A new radio and television law is set to change Switzerland’s media landscape – but the measures contained in it are highly controversial.
The bill has divided the four parties in government, with the Social Democrats and Christian Democrats supporting it, while the Radicals and the Swiss People’s Party want it thrown out.
The new law aims to guarantee stronger public service television and radio, and grant more freedom to private broadcasters.
It is intended to reflect changes in the media landscape, such as technological innovations and international developments, and take into account changing viewer habits.
Almost 90 per cent of Swiss are now hooked up to the cable network and have access to almost 50 different television channels. With the advent of digital technology, this could rise to over 100 different stations.
The huge choice of channels has resulted in the country’s multilingual viewers moving away from domestic television towards international broadcasters from France, Germany and Italy.
Switzerland’s main domestic broadcaster is the public service Swiss Broadcasting Corporation (SBC), the parent of swissinfo/Swiss Radio International.
The current law makes it hard for private television stations in Switzerland to survive, compared with neighbouring countries, where deregulation took place in the 1980s. Three private broadcasters - Tele 24, TV3, RTL-PRO7 - that offered regional programming have all closed down in the past few years.
Analysts say that Switzerland - with a population of seven million - is too small to sustain numerous channels.
The Federal Communications Office (Ofcom) was instrumental in drawing up the bill. Its vice-director, Martin Dummermuth, says that the new law should change the situation.
“It’s about creating better conditions for private broadcasters,” Dummermuth told swissinfo. He added that in the future, private broadcasters could be granted a share of television licence fees along with the SBC.
Another aim of the law is to ease advertising restrictions for private broadcasters, bringing them into line with European regulations.
The first test of the bill will be next Tuesday, when it is due to be discussed by parliament. If thrown out it will go back to cabinet.
It is fiercely opposed by both the rightwing Swiss People’s Party and the centre-right Radicals, although for different reasons.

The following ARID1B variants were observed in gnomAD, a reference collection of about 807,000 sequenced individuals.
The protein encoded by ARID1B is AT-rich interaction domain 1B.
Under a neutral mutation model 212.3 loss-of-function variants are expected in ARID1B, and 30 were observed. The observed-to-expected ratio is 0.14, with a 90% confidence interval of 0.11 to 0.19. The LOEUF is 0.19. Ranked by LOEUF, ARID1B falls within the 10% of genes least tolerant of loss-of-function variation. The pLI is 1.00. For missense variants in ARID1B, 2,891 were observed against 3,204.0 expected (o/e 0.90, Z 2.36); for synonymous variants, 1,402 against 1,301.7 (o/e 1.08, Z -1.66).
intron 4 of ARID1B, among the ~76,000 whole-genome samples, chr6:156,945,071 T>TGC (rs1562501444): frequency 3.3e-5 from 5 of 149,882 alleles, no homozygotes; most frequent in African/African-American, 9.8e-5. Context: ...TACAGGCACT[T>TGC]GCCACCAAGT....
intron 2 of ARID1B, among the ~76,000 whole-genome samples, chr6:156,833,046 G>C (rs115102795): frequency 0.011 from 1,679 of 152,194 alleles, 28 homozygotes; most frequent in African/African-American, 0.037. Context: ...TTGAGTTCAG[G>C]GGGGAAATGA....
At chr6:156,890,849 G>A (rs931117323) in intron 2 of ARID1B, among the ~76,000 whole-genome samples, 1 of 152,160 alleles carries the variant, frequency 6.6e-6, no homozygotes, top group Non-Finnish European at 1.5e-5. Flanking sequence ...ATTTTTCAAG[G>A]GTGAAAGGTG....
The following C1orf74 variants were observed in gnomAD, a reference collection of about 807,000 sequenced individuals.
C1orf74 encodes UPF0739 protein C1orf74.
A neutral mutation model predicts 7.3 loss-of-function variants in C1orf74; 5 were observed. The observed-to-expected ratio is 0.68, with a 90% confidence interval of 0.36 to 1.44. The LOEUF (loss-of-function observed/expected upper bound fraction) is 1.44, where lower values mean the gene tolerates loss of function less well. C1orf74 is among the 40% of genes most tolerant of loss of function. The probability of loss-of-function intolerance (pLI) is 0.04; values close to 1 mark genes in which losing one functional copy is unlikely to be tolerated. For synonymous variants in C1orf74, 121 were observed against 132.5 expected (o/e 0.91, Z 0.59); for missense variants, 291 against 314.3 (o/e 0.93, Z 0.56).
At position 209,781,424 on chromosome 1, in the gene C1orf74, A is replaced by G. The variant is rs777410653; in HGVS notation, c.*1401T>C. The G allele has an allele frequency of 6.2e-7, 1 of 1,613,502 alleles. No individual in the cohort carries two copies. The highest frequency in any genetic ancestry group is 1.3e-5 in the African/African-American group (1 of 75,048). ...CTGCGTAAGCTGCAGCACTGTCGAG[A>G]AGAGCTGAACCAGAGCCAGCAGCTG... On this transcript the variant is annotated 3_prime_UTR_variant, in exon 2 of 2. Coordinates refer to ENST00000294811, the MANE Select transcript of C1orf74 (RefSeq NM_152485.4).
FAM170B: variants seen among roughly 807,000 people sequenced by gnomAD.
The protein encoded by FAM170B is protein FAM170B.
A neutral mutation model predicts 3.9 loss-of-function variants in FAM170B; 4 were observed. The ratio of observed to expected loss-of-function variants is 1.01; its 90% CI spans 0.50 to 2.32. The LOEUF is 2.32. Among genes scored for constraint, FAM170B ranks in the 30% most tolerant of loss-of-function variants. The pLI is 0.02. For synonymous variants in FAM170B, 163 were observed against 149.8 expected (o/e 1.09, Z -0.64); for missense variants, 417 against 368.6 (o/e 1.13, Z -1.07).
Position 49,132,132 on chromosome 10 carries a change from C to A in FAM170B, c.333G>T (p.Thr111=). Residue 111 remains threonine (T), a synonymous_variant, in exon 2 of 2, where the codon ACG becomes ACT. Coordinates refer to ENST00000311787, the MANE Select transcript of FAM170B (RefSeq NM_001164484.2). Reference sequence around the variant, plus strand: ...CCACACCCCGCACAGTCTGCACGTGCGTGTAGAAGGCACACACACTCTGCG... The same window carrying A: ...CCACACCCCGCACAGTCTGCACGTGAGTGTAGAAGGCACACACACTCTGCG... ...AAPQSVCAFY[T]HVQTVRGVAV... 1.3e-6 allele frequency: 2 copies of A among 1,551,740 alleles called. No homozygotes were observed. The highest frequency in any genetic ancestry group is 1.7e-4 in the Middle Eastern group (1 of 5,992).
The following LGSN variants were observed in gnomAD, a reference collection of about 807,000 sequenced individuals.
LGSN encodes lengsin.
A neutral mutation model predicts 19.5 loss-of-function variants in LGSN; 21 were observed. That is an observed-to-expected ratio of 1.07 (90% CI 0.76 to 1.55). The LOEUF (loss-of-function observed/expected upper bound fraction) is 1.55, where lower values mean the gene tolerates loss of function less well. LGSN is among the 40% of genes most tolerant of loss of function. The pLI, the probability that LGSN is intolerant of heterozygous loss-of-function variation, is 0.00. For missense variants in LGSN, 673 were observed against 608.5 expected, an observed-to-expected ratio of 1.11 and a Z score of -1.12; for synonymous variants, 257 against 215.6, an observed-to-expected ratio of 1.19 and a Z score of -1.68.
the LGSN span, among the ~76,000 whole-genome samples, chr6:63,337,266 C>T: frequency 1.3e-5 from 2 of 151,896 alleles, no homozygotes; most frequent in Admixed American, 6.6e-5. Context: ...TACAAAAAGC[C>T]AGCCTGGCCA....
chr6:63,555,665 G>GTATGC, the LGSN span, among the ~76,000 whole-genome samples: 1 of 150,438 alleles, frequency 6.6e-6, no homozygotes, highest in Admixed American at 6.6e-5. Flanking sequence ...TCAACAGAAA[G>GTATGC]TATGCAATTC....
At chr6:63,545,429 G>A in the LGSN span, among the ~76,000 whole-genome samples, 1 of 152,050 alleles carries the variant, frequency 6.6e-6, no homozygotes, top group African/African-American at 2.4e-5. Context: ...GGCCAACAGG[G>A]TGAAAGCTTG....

The Radicals say the new law will curb competition, while the People’s Party maintains that it runs counter to liberal economic policy. The party argues that the legislation will tighten restrictions rather than relaxing them – a move which, it says, will harm the SBC.
The SBC itself has made no secret of the fact that it is less than happy with the law. But the corporation says it doesn’t want to see it scrapped because it believes the basic aims of the law are correct.
“That’s why we want to see amendments made to it as soon as possible, either by the House of Representatives or the Senate,” said SBC director general Armin Walpen.
What disturbs the SBC the most are the plans to cut down on advertising, especially in the domain of sponsoring.
Private companies are also dissatisfied with the new measures and say they are only getting the “crumbs” of the fees cake. They also want more freedom in advertising, saying that the bill’s proposals do not reflect the reality of today’s market.
The Swiss Press Association is against a rejection of the law and, like the SBC, wants amendments made. Those in favour of the present bill include the centre-left Social Democrats, the centre-right Christian Democrats and the Greens.
The bill has taken four years to draw up in consultation with over 200 concerned parties.
But, despite the fact that all parties believe changes are necessary, the future of the law still hangs in the balance.
January 2000: Cabinet adopts a discussion paper on TV law and instructs the environment ministry to revise the law.
End 2000: The environment ministry publishes the draft law and starts the public consultation procedure.
Until April 2001: 200 parties including cantons, political parties and broadcasters take part in consultations.
February 2004: Draft law goes before parliament.
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